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Age patterns of incidence of geriatric disease in the U.S. elderly population: Medicare-based analysis.

dc.contributor.author Akushevich, Igor
dc.contributor.author Arbeev, Konstantin
dc.contributor.author Kravchenko, J
dc.contributor.author Ukraintseva, Svetlana
dc.contributor.author Yashin, Anatoli I
dc.coverage.spatial United States
dc.date.accessioned 2017-06-06T17:05:01Z
dc.date.available 2017-06-06T17:05:01Z
dc.date.issued 2012-02
dc.identifier https://www.ncbi.nlm.nih.gov/pubmed/22283485
dc.identifier.uri http://hdl.handle.net/10161/14851
dc.description.abstract OBJECTIVES: To use the Medicare Files of Service Use (MFSU) to evaluate patterns in the incidence of aging-related diseases in the U.S. elderly population. DESIGN: Age-specific incidence rates of 19 aging-related diseases were evaluated using the National Long Term Care Survey (NLTCS) and the Surveillance, Epidemiology, and End Results (SEER) Registry data, both linked to MFSU (NLTCS-M and SEER-M, respectively), using an algorithm developed for individual date at onset evaluation. SETTING: A random sample from the entire U.S. elderly population (Medicare beneficiaries) was used in NLTCS, and the SEER Registry data covers 26% of the U.S. population. PARTICIPANTS: Thirty-four thousand seventy-seven individuals from NLTCS-M and 2,154,598 from SEER-M. MEASUREMENTS: Individual medical histories were reconstructed using information on diagnoses coded in MFSU, dates of medical services and procedures, and Medicare enrollment and disenrollment. RESULTS: The majority of diseases (e.g., prostate cancer, asthma, and diabetes mellitus) had a monotonic decline (or decline after a short period of increase) in incidence with age. A monotonic increase in incidence with age with a subsequent leveling off and decline was observed for myocardial infarction, stroke, heart failure, ulcer, and Alzheimer's disease. An inverted U-shaped age pattern was detected for lung and colon carcinomas, Parkinson's disease, and renal failure. The results obtained from the NLTCS-M and SEER-M were in agreement (excluding an excess for circulatory diseases in the NLTCS-M). A sensitivity analysis proved the stability of the incidence rates evaluated. CONCLUSION: The developed computational approaches applied to the nationally representative Medicare-based data sets allow reconstruction of age patterns of disease incidence in the U.S. elderly population at the national level with unprecedented statistical accuracy and stability with respect to systematic biases.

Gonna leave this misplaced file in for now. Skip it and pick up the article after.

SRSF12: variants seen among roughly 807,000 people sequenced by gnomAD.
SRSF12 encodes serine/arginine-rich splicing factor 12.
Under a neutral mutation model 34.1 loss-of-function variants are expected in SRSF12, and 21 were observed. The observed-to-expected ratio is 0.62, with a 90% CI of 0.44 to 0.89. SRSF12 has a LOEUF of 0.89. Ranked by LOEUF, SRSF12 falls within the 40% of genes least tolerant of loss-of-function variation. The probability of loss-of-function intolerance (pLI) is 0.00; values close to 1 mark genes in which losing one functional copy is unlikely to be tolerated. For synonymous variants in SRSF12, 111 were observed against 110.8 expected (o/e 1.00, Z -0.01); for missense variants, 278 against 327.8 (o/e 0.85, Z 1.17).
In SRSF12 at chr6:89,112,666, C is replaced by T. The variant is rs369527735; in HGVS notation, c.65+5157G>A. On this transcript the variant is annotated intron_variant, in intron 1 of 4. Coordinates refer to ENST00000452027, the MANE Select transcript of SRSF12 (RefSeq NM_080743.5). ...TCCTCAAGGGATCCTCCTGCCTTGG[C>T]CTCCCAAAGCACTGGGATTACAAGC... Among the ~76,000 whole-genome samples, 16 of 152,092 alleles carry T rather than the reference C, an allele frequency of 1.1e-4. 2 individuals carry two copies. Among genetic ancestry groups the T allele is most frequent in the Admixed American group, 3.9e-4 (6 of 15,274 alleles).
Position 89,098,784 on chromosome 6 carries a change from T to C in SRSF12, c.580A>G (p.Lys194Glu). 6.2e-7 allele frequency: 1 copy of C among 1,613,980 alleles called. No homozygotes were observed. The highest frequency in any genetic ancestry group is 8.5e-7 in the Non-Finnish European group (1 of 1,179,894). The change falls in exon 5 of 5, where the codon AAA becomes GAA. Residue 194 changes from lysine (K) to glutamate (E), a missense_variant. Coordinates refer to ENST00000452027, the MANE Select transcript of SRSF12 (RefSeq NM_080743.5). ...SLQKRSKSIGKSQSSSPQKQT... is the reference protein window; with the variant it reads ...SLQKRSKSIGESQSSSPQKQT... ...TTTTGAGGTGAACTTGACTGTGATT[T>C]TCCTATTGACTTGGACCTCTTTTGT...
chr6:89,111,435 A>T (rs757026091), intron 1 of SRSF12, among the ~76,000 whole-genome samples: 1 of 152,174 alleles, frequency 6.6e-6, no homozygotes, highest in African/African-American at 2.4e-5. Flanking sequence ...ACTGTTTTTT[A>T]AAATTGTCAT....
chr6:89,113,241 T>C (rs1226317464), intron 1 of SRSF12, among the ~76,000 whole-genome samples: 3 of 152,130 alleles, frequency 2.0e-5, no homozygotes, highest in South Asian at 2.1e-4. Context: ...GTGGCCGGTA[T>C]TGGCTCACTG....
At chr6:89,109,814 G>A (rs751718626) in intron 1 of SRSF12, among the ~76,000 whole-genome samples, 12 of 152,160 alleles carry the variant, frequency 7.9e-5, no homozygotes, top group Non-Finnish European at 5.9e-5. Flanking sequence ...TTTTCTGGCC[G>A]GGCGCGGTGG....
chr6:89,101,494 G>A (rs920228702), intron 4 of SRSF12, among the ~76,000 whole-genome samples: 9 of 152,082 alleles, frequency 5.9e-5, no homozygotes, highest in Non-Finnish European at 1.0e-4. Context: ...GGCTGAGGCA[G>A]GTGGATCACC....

dc.language eng
dc.relation.ispartof J Am Geriatr Soc
dc.relation.isversionof 10.1111/j.1532-5415.2011.03786.x
dc.subject Age Distribution
dc.subject Age Factors
dc.subject Aged
dc.subject Aged, 80 and over
dc.subject Female
dc.subject Geriatrics
dc.subject Humans
dc.subject Incidence
dc.subject Male
dc.subject Medicare
dc.subject United States
dc.title Age patterns of incidence of geriatric disease in the U.S. elderly population: Medicare-based analysis.
dc.type Journal article
pubs.author-url https://www.ncbi.nlm.nih.gov/pubmed/22283485
pubs.begin-page 323
pubs.end-page 327
pubs.issue 2
pubs.organisational-group Center for Population Health & Aging
pubs.organisational-group Clinical Science Departments
pubs.organisational-group Duke
pubs.organisational-group Duke Cancer Institute
pubs.organisational-group Duke Population Research Center
pubs.organisational-group Duke Population Research Institute
pubs.organisational-group Institutes and Centers
pubs.organisational-group Institutes and Provost's Academic Units
pubs.organisational-group Physics
pubs.organisational-group Sanford School of Public Policy
pubs.organisational-group School of Medicine
pubs.organisational-group Social Science Research Institute
pubs.organisational-group Staff
pubs.organisational-group Surgery
pubs.organisational-group Surgery, Surgical Sciences
pubs.organisational-group Trinity College of Arts & Sciences
pubs.organisational-group University Institutes and Centers
pubs.publication-status Published
pubs.volume 60
dc.identifier.eissn 1532-5415


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